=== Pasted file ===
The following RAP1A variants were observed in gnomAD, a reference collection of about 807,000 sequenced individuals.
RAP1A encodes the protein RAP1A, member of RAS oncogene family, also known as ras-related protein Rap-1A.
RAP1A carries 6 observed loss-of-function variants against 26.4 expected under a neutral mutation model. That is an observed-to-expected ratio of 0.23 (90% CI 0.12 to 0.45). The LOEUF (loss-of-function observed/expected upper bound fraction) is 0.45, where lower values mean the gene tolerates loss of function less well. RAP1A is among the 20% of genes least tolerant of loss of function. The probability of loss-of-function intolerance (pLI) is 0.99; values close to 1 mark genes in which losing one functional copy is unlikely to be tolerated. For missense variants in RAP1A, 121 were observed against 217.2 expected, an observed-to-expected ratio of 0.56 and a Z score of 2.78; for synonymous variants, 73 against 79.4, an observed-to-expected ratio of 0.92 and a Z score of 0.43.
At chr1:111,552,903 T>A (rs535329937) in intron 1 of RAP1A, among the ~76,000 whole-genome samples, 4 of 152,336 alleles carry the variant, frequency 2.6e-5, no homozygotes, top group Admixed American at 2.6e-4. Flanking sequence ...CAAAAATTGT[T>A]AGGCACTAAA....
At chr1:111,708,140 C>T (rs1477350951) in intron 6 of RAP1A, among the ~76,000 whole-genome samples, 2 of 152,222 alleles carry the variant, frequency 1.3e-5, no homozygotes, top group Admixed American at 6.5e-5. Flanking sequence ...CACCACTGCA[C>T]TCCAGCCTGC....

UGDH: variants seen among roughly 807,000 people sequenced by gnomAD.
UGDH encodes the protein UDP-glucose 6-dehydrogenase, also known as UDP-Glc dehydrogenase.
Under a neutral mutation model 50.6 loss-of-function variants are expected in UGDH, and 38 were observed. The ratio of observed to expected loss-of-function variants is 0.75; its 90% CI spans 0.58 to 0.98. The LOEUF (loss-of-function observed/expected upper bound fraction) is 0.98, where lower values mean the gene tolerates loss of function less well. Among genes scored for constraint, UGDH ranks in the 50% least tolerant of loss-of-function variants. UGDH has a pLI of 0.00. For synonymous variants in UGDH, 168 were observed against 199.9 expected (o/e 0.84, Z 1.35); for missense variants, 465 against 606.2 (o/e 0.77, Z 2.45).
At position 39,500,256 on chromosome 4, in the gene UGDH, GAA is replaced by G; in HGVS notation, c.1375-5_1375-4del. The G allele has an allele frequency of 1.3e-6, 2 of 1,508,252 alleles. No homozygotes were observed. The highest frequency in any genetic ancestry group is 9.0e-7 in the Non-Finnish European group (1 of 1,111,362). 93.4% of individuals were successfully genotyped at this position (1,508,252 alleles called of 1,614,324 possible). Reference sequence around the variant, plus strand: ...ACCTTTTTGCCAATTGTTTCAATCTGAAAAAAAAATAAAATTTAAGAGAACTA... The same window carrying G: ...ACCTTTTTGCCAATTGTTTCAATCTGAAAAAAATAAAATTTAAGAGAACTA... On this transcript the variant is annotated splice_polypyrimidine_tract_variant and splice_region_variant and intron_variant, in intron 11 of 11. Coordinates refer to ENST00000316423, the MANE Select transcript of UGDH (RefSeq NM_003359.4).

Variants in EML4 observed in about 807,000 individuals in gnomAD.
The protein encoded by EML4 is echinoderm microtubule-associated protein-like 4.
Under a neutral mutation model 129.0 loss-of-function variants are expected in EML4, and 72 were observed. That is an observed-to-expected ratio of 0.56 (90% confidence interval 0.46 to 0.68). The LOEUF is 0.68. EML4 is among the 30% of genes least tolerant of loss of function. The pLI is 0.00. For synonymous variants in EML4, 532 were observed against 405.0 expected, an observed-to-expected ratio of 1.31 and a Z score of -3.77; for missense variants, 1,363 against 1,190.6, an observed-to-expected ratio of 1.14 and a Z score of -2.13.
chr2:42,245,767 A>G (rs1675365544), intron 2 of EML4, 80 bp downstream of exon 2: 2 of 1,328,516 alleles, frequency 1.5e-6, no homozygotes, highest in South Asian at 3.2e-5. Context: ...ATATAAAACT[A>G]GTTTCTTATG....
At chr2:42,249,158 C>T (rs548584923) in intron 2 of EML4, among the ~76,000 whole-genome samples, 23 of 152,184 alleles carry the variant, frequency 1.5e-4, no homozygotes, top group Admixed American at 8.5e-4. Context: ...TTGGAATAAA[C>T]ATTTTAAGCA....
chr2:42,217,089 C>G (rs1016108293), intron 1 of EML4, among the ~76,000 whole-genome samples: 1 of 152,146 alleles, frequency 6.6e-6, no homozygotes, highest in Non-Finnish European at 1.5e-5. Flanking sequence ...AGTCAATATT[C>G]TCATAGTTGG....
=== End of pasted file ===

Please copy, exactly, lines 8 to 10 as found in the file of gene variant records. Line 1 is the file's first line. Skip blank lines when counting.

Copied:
Under a neutral mutation model 50.6 loss-of-function variants are expected in UGDH, and 38 were observed. The ratio of observed to expected loss-of-function variants is 0.75; its 90% CI spans 0.58 to 0.98. The LOEUF (loss-of-function observed/expected upper bound fraction) is 0.98, where lower values mean the gene tolerates loss of function less well. Among genes scored for constraint, UGDH ranks in the 50% least tolerant of loss-of-function variants. UGDH has a pLI of 0.00. For synonymous variants in UGDH, 168 were observed against 199.9 expected (o/e 0.84, Z 1.35); for missense variants, 465 against 606.2 (o/e 0.77, Z 2.45).
At position 39,500,256 on chromosome 4, in the gene UGDH, GAA is replaced by G; in HGVS notation, c.1375-5_1375-4del. The G allele has an allele frequency of 1.3e-6, 2 of 1,508,252 alleles. No homozygotes were observed. The highest frequency in any genetic ancestry group is 9.0e-7 in the Non-Finnish European group (1 of 1,111,362). 93.4% of individuals were successfully genotyped at this position (1,508,252 alleles called of 1,614,324 possible). Reference sequence around the variant, plus strand: ...ACCTTTTTGCCAATTGTTTCAATCTGAAAAAAAAATAAAATTTAAGAGAACTA... The same window carrying G: ...ACCTTTTTGCCAATTGTTTCAATCTGAAAAAAATAAAATTTAAGAGAACTA... On this transcript the variant is annotated splice_polypyrimidine_tract_variant and splice_region_variant and intron_variant, in intron 11 of 11. Coordinates refer to ENST00000316423, the MANE Select transcript of UGDH (RefSeq NM_003359.4).

Variants in EML4 observed in about 807,000 individuals in gnomAD.